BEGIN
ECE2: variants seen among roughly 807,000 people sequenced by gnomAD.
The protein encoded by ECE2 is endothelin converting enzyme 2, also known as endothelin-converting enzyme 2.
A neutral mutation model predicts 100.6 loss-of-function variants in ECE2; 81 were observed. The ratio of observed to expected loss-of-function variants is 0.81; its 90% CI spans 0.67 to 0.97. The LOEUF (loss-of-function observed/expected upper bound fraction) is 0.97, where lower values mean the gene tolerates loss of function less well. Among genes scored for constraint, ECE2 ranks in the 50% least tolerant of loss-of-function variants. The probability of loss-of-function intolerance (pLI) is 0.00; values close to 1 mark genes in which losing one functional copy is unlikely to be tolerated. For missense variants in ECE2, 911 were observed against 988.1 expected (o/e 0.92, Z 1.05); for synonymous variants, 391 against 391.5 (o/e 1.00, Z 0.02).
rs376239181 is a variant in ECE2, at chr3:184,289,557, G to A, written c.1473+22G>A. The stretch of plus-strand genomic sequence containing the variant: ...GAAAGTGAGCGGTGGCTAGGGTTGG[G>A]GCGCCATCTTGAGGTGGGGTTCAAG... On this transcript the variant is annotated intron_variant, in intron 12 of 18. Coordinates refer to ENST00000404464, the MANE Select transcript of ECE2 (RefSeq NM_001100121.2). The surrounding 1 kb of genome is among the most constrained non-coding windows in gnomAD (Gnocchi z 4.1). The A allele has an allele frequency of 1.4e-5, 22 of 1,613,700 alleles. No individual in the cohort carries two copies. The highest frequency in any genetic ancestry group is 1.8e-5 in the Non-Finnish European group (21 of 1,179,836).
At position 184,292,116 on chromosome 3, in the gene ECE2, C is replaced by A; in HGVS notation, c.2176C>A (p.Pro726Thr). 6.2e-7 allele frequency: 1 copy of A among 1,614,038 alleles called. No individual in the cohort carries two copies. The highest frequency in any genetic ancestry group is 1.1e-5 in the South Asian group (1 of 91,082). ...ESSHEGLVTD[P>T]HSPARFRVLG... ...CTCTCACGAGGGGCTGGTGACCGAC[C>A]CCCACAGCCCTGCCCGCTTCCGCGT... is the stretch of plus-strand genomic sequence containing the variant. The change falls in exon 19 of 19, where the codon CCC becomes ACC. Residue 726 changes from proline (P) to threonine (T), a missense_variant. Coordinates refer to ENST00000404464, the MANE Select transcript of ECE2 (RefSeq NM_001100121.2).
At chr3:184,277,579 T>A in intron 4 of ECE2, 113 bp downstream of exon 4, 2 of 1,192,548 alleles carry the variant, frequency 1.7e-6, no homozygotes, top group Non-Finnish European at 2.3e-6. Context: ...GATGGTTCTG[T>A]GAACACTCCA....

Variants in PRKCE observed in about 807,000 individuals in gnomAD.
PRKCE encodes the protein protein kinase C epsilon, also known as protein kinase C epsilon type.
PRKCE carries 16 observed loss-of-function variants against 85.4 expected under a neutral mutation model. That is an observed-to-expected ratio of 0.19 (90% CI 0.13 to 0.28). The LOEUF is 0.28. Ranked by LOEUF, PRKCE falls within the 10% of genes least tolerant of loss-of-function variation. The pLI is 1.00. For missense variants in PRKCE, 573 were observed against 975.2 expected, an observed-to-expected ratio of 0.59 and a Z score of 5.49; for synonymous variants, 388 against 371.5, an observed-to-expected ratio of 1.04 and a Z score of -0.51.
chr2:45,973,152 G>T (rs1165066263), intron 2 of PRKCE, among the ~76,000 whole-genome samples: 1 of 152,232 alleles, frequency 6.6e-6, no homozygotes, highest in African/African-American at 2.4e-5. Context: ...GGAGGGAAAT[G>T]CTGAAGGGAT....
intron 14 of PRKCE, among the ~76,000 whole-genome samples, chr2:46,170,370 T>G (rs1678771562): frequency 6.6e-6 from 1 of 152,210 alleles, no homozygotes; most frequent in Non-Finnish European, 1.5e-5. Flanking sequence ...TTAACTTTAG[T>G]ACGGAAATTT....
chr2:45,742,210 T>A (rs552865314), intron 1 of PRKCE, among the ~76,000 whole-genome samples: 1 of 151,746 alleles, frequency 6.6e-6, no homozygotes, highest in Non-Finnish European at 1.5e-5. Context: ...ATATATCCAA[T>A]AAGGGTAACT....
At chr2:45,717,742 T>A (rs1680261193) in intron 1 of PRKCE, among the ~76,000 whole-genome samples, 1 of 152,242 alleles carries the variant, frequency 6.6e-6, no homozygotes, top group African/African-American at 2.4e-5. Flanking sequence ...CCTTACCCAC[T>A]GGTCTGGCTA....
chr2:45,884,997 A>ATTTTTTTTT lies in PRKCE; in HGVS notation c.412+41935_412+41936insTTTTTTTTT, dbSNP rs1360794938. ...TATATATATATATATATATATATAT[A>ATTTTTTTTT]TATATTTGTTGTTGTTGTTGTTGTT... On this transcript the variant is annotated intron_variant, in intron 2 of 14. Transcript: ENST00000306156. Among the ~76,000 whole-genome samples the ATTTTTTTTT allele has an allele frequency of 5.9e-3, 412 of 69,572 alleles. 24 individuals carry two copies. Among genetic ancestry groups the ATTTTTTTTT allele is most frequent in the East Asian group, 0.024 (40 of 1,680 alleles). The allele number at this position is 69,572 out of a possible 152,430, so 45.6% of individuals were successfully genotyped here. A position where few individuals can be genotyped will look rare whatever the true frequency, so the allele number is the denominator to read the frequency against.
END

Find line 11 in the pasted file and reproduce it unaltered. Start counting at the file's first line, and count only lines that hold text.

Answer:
intron 14 of PRKCE, among the ~76,000 whole-genome samples, chr2:46,170,370 T>G (rs1678771562): frequency 6.6e-6 from 1 of 152,210 alleles, no homozygotes; most frequent in Non-Finnish European, 1.5e-5. Flanking sequence ...TTAACTTTAG[T>G]ACGGAAATTT....